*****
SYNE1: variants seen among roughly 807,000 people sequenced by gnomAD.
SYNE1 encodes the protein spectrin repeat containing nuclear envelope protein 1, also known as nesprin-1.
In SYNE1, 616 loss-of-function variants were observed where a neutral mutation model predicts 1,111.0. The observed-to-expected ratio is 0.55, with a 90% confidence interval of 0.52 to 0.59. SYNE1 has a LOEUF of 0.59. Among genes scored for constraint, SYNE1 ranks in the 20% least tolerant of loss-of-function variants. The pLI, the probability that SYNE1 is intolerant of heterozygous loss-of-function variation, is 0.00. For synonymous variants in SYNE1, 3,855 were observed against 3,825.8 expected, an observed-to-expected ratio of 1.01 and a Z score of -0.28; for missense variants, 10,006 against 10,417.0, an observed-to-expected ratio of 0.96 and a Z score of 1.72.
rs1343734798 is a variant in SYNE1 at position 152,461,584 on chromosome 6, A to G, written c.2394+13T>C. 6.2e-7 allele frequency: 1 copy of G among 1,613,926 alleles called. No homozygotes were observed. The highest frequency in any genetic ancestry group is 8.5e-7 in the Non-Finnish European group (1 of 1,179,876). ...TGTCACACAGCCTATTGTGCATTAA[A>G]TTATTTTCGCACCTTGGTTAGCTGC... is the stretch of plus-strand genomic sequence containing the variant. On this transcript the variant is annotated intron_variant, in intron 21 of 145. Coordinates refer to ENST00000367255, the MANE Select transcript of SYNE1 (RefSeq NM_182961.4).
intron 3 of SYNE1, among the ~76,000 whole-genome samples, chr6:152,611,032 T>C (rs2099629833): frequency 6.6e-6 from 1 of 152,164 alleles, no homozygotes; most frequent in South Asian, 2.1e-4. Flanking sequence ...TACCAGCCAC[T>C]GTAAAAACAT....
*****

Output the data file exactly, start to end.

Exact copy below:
SYNE1: variants seen among roughly 807,000 people sequenced by gnomAD.
SYNE1 encodes the protein spectrin repeat containing nuclear envelope protein 1, also known as nesprin-1.
In SYNE1, 616 loss-of-function variants were observed where a neutral mutation model predicts 1,111.0. The observed-to-expected ratio is 0.55, with a 90% confidence interval of 0.52 to 0.59. SYNE1 has a LOEUF of 0.59. Among genes scored for constraint, SYNE1 ranks in the 20% least tolerant of loss-of-function variants. The pLI, the probability that SYNE1 is intolerant of heterozygous loss-of-function variation, is 0.00. For synonymous variants in SYNE1, 3,855 were observed against 3,825.8 expected, an observed-to-expected ratio of 1.01 and a Z score of -0.28; for missense variants, 10,006 against 10,417.0, an observed-to-expected ratio of 0.96 and a Z score of 1.72.
rs1343734798 is a variant in SYNE1 at position 152,461,584 on chromosome 6, A to G, written c.2394+13T>C. 6.2e-7 allele frequency: 1 copy of G among 1,613,926 alleles called. No homozygotes were observed. The highest frequency in any genetic ancestry group is 8.5e-7 in the Non-Finnish European group (1 of 1,179,876). ...TGTCACACAGCCTATTGTGCATTAA[A>G]TTATTTTCGCACCTTGGTTAGCTGC... is the stretch of plus-strand genomic sequence containing the variant. On this transcript the variant is annotated intron_variant, in intron 21 of 145. Coordinates refer to ENST00000367255, the MANE Select transcript of SYNE1 (RefSeq NM_182961.4).
intron 3 of SYNE1, among the ~76,000 whole-genome samples, chr6:152,611,032 T>C (rs2099629833): frequency 6.6e-6 from 1 of 152,164 alleles, no homozygotes; most frequent in South Asian, 2.1e-4. Flanking sequence ...TACCAGCCAC[T>C]GTAAAAACAT....